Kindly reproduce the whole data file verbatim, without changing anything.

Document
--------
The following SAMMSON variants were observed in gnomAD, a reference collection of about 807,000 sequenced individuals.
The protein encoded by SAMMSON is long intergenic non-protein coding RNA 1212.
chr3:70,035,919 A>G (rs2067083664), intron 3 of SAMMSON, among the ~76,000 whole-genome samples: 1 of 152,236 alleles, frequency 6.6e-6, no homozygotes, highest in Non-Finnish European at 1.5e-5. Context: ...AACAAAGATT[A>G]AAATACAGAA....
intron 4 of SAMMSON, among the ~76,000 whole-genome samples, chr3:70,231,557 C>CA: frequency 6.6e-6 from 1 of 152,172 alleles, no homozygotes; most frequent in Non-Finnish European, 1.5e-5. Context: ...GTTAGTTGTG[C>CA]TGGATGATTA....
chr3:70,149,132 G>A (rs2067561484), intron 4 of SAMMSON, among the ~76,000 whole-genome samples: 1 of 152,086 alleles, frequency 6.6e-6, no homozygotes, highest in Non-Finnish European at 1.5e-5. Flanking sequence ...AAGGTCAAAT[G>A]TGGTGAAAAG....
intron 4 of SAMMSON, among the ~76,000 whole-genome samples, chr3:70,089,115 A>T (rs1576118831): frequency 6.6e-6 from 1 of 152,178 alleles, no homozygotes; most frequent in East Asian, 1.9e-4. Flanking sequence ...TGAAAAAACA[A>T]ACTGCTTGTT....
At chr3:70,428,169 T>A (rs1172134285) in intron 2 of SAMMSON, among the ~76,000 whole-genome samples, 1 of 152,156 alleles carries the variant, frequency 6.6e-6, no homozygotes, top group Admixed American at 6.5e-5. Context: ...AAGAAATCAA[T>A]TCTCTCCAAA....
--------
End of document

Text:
The following SAMMSON variants were observed in gnomAD, a reference collection of about 807,000 sequenced individuals.
The protein encoded by SAMMSON is long intergenic non-protein coding RNA 1212.
chr3:70,035,919 A>G (rs2067083664), intron 3 of SAMMSON, among the ~76,000 whole-genome samples: 1 of 152,236 alleles, frequency 6.6e-6, no homozygotes, highest in Non-Finnish European at 1.5e-5. Context: ...AACAAAGATT[A>G]AAATACAGAA....
intron 4 of SAMMSON, among the ~76,000 whole-genome samples, chr3:70,231,557 C>CA: frequency 6.6e-6 from 1 of 152,172 alleles, no homozygotes; most frequent in Non-Finnish European, 1.5e-5. Context: ...GTTAGTTGTG[C>CA]TGGATGATTA....
chr3:70,149,132 G>A (rs2067561484), intron 4 of SAMMSON, among the ~76,000 whole-genome samples: 1 of 152,086 alleles, frequency 6.6e-6, no homozygotes, highest in Non-Finnish European at 1.5e-5. Flanking sequence ...AAGGTCAAAT[G>A]TGGTGAAAAG....
intron 4 of SAMMSON, among the ~76,000 whole-genome samples, chr3:70,089,115 A>T (rs1576118831): frequency 6.6e-6 from 1 of 152,178 alleles, no homozygotes; most frequent in East Asian, 1.9e-4. Flanking sequence ...TGAAAAAACA[A>T]ACTGCTTGTT....
At chr3:70,428,169 T>A (rs1172134285) in intron 2 of SAMMSON, among the ~76,000 whole-genome samples, 1 of 152,156 alleles carries the variant, frequency 6.6e-6, no homozygotes, top group Admixed American at 6.5e-5. Context: ...AAGAAATCAA[T>A]TCTCTCCAAA....